Infrared Transmission Measurements of Diffuse Samples

September 1, 2015
Jenni L. Briggs , PIKE Technologies, Inc

Application Notebook

Issue 0

Measuring the transmission of diffuse samples such as paper or filled polymer films requires an integrating sphere to obtain accurate transmission values and useful chemical information, because the IR light is scattered as it passes through the sample. An integrating sphere serves as a collection device for the scattered light.

Using an integrating sphere, an infrared transmission spectrum of lens tissue representing a diffusely transmitting sample was collected and compared with a sample spectrum collected in the FT-IR sample compartment. Benefits of using an integrating sphere are discussed.

Measuring the transmission of diffuse samples such as paper or filled polymer films requires an integrating sphere to obtain accurate transmission values and useful chemical information, because the IR light is scattered as it passes through the sample. An integrating sphere serves as a collection device for the scattered light.

Experimental Conditions

Lens tissue was used as a model diffuse sample for this transmission experiment. An integrating sphere accessory equipped with a wide-band MCT detector (PIKE Technologies; Madison, WI) interfaced with a commercial FT-IR spectrometer was used to obtain a diffuse transmission spectrum. A transmission spectrum of the lens tissue was also collected by placing the sample inside the sample compartment of the FT-IR spectrometer equipped with a DTGS detector. At a resolution of 4 cm-1, 32 scans were co-added for both spectra.

Results

Mid-infrared integrating spheres are highly reflective gold enclosures that are placed in close proximity to the sample, such that in the case of transmission of a diffuse sample the scattered transmitted light enters the sphere, bounces around the diffuse surface of the sphere wall and finally impinges upon the detector. The name, integrating sphere, refers to one of the main functions of the device, namely that it spatially integrates the light flux.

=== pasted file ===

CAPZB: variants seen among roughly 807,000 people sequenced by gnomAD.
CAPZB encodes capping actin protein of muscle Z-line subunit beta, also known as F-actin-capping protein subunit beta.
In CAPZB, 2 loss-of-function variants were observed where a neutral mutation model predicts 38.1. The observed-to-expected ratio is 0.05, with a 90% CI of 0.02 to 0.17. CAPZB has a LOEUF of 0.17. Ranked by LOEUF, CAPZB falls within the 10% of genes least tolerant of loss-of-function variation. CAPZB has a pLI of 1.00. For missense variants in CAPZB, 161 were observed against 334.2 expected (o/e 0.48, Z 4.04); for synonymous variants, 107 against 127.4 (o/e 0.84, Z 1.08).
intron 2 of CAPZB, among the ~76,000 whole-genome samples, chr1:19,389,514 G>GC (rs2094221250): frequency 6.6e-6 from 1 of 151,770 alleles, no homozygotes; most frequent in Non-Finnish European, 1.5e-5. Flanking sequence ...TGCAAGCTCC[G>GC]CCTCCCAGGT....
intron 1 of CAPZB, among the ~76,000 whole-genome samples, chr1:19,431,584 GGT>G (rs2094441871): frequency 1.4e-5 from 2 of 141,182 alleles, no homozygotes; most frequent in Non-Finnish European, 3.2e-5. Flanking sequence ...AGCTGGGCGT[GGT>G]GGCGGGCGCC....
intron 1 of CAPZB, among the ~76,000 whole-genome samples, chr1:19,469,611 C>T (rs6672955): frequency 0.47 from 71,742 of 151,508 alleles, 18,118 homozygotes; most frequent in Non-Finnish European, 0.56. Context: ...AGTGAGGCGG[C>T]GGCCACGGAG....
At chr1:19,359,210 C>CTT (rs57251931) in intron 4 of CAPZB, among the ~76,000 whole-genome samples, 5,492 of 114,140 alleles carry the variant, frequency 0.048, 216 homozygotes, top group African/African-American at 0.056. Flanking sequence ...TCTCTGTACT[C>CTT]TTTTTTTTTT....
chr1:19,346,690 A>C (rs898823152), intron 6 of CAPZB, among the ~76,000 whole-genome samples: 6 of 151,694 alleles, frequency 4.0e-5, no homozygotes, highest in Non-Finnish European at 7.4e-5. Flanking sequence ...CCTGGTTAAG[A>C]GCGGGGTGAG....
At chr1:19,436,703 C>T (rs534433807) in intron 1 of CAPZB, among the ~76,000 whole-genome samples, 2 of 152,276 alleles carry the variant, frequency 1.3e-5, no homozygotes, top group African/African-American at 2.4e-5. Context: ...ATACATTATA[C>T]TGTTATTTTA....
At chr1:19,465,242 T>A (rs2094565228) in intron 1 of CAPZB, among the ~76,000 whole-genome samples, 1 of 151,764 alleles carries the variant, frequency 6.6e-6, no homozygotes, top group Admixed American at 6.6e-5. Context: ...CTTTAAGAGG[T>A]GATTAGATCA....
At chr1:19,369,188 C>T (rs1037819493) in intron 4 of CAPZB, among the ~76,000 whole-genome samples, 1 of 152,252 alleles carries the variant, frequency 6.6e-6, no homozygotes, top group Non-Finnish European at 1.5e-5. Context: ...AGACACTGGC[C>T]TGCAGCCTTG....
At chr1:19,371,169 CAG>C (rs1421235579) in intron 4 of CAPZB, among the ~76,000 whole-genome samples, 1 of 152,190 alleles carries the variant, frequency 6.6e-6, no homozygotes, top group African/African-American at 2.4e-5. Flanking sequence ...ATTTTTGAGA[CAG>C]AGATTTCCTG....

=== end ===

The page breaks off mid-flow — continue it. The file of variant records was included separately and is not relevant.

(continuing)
Figure 1: Transmission spectra of diffuse lens tissue collected using a mid-infrared integrating sphere (red) and collected within the sample compartment using the spectrometer's detector (blue).

Optical lens tissue was used as a model system to illustrate the advantage of using an integrating sphere for transmission measurements. Optical lens tissue is graded for its structure and softness. It is made from new linen stock free of minerals and vegetable filler. Data presented illustrates the wealth of information obtained by collecting the scattered light caused by the diffuseness of the sample. Figure 1 compares the two spectra collected, one using the transmission port of the integrating sphere and the other by placing the sample in the beam path of the FT-IR sample compartment. The diffuse nature of the sample produced significant scattering of the beam after passing through the sample resulting in low transmission values and minimal useful chemical information when using the DTGS detector of the spectrometer. The spectrum collected using the integrating sphere yielded a vast amount of chemical information. At 3300 cm-1, the OH vibrations with hydrogen bonding are observed. Cellulose absorbance bands are located near 1000 cm-1. Relevant percent transmittance is also obtained, which may be correlated to fiber density. With the integrating sphere, transmittance is near 90% illustrating that most of the infrared beam passes through the sample whereas the transmittance from the spectrum collected with the sample placed in the FT-IR sample compartment was near 35% due to the scattering nature of the sample.


Figure 2: IntegratIR, integrating sphere accessory from PIKE Technologies, Inc.

Conclusions

A mid-infrared integrating sphere is an essential accessory to obtain transmittance and chemical information for diffusely transmitting samples.

PIKE Technologies, Inc.
6125 Cottonwood Drive, Madison, WI 53719
tel. (608) 274-2721
Website: www.piketech.com